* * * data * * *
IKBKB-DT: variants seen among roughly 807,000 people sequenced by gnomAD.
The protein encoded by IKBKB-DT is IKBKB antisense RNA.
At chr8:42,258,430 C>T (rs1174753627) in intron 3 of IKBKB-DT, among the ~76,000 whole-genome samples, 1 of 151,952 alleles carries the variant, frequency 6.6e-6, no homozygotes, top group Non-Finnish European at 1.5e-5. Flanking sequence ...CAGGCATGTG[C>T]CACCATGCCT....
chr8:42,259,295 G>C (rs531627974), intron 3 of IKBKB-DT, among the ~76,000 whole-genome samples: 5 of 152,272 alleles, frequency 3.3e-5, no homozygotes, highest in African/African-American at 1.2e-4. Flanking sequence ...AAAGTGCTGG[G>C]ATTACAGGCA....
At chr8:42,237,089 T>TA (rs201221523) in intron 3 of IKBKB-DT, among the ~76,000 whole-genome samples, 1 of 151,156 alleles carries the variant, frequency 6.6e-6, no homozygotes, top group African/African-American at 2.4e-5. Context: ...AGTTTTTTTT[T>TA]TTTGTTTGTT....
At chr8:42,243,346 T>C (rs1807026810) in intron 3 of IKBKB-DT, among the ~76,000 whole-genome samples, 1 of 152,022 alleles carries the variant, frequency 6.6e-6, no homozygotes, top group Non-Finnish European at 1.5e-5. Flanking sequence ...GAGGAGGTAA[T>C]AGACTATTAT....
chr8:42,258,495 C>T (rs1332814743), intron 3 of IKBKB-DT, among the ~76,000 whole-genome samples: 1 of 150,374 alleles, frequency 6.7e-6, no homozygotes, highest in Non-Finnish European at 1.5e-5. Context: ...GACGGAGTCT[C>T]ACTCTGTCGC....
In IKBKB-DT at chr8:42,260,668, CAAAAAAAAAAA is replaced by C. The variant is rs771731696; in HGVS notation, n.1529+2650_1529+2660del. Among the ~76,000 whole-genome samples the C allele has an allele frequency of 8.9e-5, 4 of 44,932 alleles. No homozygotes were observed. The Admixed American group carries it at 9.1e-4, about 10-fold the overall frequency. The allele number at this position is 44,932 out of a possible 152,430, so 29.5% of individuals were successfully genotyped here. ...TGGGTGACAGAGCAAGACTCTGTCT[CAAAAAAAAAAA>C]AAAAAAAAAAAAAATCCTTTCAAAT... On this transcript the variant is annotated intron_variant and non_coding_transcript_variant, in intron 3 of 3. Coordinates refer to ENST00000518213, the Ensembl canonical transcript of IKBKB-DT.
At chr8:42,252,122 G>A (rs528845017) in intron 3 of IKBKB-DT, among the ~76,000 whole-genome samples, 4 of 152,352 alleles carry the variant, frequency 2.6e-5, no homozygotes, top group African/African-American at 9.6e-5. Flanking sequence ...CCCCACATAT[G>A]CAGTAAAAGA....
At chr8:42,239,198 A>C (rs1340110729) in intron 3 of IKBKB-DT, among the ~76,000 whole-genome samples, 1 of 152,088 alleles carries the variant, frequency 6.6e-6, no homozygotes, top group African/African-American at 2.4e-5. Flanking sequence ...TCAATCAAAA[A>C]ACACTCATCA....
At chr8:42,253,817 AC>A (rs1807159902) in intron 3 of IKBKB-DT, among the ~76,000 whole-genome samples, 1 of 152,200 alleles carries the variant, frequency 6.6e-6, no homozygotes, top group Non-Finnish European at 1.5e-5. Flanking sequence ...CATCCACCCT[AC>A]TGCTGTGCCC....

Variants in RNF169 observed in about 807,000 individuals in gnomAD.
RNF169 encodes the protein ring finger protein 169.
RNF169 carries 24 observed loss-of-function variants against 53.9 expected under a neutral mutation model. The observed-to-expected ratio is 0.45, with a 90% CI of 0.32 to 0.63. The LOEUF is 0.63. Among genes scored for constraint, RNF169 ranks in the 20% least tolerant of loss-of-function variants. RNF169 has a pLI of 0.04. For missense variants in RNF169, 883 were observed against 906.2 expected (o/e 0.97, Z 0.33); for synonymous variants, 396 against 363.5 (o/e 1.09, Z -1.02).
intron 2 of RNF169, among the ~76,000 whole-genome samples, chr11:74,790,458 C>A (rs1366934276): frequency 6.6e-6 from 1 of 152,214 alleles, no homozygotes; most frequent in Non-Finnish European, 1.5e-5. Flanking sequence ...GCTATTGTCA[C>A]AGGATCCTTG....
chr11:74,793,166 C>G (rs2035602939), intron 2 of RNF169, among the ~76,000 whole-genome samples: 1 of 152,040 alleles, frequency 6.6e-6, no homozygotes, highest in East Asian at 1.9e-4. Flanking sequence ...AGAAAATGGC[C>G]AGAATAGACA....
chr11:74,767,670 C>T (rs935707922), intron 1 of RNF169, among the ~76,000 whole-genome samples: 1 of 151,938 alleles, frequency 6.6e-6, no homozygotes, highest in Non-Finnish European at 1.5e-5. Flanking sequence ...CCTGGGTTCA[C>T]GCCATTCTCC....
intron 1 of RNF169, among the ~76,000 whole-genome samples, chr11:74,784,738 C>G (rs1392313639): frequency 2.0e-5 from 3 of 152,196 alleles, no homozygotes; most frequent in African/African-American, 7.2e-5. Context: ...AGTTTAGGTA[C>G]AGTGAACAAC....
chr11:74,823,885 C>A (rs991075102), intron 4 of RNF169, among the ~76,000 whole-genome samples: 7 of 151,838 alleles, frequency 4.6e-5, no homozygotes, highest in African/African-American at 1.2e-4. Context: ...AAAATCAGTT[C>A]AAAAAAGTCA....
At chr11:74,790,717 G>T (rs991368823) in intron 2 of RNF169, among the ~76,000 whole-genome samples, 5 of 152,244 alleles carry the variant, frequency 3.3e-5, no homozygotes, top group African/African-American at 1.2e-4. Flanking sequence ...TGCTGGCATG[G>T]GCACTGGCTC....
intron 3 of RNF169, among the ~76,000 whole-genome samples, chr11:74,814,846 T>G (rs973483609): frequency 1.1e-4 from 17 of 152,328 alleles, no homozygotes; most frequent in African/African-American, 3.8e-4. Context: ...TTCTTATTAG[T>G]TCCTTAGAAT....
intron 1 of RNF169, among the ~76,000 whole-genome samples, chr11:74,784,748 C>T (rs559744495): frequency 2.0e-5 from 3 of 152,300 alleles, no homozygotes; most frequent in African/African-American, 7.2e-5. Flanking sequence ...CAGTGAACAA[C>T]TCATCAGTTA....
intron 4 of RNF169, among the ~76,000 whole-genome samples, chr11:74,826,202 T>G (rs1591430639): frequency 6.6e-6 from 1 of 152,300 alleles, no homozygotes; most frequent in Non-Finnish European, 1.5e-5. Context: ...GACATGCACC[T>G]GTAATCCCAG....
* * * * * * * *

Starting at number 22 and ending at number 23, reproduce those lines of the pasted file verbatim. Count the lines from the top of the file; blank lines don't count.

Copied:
intron 1 of RNF169, among the ~76,000 whole-genome samples, chr11:74,784,748 C>T (rs559744495): frequency 2.0e-5 from 3 of 152,300 alleles, no homozygotes; most frequent in African/African-American, 7.2e-5. Flanking sequence ...CAGTGAACAA[C>T]TCATCAGTTA....
intron 4 of RNF169, among the ~76,000 whole-genome samples, chr11:74,826,202 T>G (rs1591430639): frequency 6.6e-6 from 1 of 152,300 alleles, no homozygotes; most frequent in Non-Finnish European, 1.5e-5. Context: ...GACATGCACC[T>G]GTAATCCCAG....